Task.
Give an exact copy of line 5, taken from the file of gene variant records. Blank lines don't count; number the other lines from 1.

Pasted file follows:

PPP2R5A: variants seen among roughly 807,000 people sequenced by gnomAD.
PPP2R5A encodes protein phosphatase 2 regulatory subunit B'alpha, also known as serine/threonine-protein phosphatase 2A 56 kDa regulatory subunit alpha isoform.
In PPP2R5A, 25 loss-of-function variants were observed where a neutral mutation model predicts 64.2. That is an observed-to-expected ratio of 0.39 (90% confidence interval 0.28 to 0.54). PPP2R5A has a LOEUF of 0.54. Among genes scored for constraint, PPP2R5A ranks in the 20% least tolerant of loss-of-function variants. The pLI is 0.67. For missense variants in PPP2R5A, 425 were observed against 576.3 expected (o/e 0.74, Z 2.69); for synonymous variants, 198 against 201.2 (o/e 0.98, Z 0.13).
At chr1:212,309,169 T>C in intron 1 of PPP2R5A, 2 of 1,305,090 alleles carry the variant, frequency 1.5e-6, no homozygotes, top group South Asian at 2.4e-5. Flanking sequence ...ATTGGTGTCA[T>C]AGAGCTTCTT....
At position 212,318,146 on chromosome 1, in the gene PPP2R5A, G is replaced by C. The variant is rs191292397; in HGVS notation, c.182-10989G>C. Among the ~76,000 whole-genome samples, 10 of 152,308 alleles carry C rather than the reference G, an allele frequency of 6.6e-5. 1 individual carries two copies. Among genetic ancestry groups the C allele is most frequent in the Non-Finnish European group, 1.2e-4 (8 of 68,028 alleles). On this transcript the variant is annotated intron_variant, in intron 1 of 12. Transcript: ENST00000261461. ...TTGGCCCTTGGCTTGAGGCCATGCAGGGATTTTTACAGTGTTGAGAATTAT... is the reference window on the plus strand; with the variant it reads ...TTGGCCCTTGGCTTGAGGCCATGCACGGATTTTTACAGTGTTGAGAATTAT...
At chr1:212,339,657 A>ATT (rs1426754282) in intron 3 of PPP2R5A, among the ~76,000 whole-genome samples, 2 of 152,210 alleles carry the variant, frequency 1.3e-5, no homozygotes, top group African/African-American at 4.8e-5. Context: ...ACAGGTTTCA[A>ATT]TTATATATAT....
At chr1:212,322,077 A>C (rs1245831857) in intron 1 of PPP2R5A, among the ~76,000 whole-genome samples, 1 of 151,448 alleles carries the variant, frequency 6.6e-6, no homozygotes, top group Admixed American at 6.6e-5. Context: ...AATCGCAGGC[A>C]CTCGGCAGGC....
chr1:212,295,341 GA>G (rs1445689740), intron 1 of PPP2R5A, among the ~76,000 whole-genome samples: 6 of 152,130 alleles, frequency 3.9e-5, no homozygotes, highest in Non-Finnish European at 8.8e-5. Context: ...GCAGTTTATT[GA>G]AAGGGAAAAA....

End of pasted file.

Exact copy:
At position 212,318,146 on chromosome 1, in the gene PPP2R5A, G is replaced by C. The variant is rs191292397; in HGVS notation, c.182-10989G>C. Among the ~76,000 whole-genome samples, 10 of 152,308 alleles carry C rather than the reference G, an allele frequency of 6.6e-5. 1 individual carries two copies. Among genetic ancestry groups the C allele is most frequent in the Non-Finnish European group, 1.2e-4 (8 of 68,028 alleles). On this transcript the variant is annotated intron_variant, in intron 1 of 12. Transcript: ENST00000261461. ...TTGGCCCTTGGCTTGAGGCCATGCAGGGATTTTTACAGTGTTGAGAATTAT... is the reference window on the plus strand; with the variant it reads ...TTGGCCCTTGGCTTGAGGCCATGCACGGATTTTTACAGTGTTGAGAATTAT...